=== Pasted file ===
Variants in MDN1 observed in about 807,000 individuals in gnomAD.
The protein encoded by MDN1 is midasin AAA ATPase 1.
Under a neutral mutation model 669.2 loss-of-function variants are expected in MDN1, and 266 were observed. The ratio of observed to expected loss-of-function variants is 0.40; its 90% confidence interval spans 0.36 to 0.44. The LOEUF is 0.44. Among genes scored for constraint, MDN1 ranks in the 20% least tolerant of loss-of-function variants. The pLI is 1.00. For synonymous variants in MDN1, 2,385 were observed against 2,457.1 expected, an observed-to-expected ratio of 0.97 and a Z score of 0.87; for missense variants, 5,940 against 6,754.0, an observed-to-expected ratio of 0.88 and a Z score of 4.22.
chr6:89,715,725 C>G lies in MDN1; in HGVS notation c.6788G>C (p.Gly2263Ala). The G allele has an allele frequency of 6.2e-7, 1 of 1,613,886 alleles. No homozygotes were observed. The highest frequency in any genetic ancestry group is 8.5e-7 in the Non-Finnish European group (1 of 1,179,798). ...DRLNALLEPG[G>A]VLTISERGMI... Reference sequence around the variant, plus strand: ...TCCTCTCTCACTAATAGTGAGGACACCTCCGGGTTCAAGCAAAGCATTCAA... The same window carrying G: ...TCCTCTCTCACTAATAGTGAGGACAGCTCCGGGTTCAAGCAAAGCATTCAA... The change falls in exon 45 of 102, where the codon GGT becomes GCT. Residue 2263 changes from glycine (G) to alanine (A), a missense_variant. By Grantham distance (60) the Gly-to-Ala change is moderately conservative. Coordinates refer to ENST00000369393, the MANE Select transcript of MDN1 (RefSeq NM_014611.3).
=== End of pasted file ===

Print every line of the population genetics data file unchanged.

Variants in MDN1 observed in about 807,000 individuals in gnomAD.
The protein encoded by MDN1 is midasin AAA ATPase 1.
Under a neutral mutation model 669.2 loss-of-function variants are expected in MDN1, and 266 were observed. The ratio of observed to expected loss-of-function variants is 0.40; its 90% confidence interval spans 0.36 to 0.44. The LOEUF is 0.44. Among genes scored for constraint, MDN1 ranks in the 20% least tolerant of loss-of-function variants. The pLI is 1.00. For synonymous variants in MDN1, 2,385 were observed against 2,457.1 expected, an observed-to-expected ratio of 0.97 and a Z score of 0.87; for missense variants, 5,940 against 6,754.0, an observed-to-expected ratio of 0.88 and a Z score of 4.22.
chr6:89,715,725 C>G lies in MDN1; in HGVS notation c.6788G>C (p.Gly2263Ala). The G allele has an allele frequency of 6.2e-7, 1 of 1,613,886 alleles. No homozygotes were observed. The highest frequency in any genetic ancestry group is 8.5e-7 in the Non-Finnish European group (1 of 1,179,798). ...DRLNALLEPG[G>A]VLTISERGMI... Reference sequence around the variant, plus strand: ...TCCTCTCTCACTAATAGTGAGGACACCTCCGGGTTCAAGCAAAGCATTCAA... The same window carrying G: ...TCCTCTCTCACTAATAGTGAGGACAGCTCCGGGTTCAAGCAAAGCATTCAA... The change falls in exon 45 of 102, where the codon GGT becomes GCT. Residue 2263 changes from glycine (G) to alanine (A), a missense_variant. By Grantham distance (60) the Gly-to-Ala change is moderately conservative. Coordinates refer to ENST00000369393, the MANE Select transcript of MDN1 (RefSeq NM_014611.3).